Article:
Mechanism -- Transfusion-Associated Circulatory Overload (TACO), in a background setting of thrombotic thrombocytopenic purpura (TTP)
Recognition of TACO
Transfusion-associated circulatory overload (TACO) is a recognized transfusion reaction in critically ill patients with an incidence range of 1:708 to 1:4075 in general hospital settings, and 1-8% in orthopedic patients . TACO occurs when the circulatory system becomes overwhelmed by additional volumes of blood products, or a high infusion rate of such products . Clinically, patients present with sudden dyspnea, orthopnea, tachycardia and a wide pulse pressure, often associated with hypertension and hypoxemia. If there is a progression to cardiac collapse, subsequent hypotension may result, as seen in this case.
TACO: More frequent, but frequently underreported
While a relatively common occurrence, TACO remains significantly underreported to blood banks and is often unrecognized by clinicians . TACO is seen especially in elderly patients, small children, and patients with compromised left ventricular function . Risk factors include increased volume and increased rate at which transfusion occurs, while cohort analysis has shown increased incidence of TACO in the setting of ICU and fresh-frozen plasma ordered for the reversal of anticoagulants .
Differentiating TACO from TRALI
Differentiating TACO from TRALI can be difficult; however, patients in TACO will have an increase in BNP over baseline and will show symptoms of central venous overload, such as an elevated jugular venous pulse . Precaution measures include a transfusion rate appropriate for the patient (1-2.5 mL/kg per hour), close monitoring of patient's symptoms and vital signs, and small doses of diuretics between transfusions . Unlike TRALI, TACO patients usually respond well to diuretics and oxygen supplementation . Unlike TACO, lung injury with TRALI is associated with HLA (human leukocyte antigen) antibodies directed against the lung parenchyma .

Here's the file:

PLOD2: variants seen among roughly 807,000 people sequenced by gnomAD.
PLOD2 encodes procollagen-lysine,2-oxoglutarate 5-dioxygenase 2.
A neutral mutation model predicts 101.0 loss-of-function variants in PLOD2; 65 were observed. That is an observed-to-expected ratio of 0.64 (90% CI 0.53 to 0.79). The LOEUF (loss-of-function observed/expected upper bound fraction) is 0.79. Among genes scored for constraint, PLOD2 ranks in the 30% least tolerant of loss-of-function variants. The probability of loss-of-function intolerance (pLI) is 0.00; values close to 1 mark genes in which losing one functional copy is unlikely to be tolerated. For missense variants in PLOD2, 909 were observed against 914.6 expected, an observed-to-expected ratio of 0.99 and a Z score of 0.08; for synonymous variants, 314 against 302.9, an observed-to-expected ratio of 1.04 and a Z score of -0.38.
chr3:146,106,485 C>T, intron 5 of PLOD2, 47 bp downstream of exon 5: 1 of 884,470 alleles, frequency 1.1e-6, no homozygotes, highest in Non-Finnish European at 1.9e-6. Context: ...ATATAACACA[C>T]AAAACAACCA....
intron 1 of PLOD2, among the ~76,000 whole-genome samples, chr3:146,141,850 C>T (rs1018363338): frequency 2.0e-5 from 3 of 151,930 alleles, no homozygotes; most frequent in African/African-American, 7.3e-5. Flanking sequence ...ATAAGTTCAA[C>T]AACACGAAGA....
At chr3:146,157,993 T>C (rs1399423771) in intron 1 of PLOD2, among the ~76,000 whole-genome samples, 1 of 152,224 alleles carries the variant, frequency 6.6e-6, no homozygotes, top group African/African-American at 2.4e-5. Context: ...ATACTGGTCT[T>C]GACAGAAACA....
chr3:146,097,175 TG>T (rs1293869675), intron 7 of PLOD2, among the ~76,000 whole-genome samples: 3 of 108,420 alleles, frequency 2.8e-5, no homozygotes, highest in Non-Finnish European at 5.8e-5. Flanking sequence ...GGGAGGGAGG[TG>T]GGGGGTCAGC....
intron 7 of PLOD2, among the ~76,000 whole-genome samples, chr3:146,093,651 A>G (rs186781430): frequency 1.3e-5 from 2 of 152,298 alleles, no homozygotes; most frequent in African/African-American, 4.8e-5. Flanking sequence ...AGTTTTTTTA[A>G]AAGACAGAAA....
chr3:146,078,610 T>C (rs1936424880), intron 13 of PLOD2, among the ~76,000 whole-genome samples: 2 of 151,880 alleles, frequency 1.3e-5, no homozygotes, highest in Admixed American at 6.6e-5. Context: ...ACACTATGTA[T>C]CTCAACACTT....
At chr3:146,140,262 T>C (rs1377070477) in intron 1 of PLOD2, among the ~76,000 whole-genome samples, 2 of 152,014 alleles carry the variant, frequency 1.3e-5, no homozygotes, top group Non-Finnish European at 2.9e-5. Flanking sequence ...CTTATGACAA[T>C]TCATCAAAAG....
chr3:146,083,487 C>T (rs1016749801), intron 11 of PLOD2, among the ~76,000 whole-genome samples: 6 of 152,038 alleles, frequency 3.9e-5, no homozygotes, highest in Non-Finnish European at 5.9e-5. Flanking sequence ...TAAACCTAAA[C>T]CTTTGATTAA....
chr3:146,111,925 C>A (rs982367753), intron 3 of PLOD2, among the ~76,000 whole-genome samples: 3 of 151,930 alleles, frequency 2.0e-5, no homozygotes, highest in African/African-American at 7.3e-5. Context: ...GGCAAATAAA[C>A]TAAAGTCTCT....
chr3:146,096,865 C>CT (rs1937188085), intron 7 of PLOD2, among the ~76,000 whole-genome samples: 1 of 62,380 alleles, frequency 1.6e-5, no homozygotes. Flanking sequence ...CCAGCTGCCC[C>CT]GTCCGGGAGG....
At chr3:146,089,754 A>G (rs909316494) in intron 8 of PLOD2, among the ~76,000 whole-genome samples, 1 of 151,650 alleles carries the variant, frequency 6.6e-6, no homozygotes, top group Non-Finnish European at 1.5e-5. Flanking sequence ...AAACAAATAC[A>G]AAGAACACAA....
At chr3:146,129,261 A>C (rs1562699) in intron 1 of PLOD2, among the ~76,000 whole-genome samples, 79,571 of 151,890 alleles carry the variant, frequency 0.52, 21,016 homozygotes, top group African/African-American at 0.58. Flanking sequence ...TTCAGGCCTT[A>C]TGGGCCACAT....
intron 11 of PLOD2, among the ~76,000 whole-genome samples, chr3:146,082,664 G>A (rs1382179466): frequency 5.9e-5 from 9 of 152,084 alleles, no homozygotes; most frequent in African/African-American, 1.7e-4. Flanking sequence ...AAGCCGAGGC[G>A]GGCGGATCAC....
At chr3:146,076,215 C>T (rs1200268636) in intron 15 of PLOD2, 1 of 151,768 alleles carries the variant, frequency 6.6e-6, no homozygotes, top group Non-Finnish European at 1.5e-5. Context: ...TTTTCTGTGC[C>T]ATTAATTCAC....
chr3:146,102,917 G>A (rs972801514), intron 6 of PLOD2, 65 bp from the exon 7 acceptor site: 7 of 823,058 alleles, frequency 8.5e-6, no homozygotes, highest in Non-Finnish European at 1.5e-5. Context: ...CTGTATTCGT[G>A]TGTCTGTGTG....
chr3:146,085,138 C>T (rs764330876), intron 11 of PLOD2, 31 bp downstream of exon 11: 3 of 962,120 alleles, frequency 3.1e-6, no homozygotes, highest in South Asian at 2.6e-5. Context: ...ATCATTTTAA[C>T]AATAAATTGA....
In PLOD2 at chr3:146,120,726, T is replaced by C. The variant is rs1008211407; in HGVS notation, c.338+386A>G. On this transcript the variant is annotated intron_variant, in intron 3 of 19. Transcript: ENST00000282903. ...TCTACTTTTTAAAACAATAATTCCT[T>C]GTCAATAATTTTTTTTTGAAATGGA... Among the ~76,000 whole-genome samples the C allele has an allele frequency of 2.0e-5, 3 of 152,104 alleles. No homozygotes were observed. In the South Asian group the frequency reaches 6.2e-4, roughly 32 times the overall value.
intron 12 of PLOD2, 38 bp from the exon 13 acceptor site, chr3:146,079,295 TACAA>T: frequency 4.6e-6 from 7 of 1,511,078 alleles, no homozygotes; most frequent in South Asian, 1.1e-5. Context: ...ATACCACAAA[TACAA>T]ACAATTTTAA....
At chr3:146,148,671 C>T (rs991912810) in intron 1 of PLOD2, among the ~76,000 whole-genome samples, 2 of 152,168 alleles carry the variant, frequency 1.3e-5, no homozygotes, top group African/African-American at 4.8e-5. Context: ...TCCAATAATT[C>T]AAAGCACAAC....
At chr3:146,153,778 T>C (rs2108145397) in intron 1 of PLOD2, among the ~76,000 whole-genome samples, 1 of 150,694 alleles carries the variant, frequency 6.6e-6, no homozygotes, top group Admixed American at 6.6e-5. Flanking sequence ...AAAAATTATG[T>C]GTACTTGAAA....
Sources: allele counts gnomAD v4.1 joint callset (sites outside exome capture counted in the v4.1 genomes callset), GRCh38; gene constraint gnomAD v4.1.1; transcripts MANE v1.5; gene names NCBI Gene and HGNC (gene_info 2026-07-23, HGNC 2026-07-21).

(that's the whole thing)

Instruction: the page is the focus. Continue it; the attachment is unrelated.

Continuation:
In this patient, various indications suggest that this patient could have been susceptible to a TACO reaction during this admission:
Although TRALI may be in the differential, it is associated with an overall hypovolemic state as opposed to a hypervolemic state with TACO. While one could argue that this patient was hypovolemic by his hypotension, he had other parameters, including a massively increased BNP, liver failure, renal failure and multiple
transfused blood products. The chest x-ray did not show bilateral infiltrates or a 'whiteout' pattern, but rather increased pulmonary vascular congestion. It is important to note that TACO can present in any incident of transfusion, regardless of the amount given, with even a single transfused unit sufficient to precipitate a reaction in a susceptible recipient .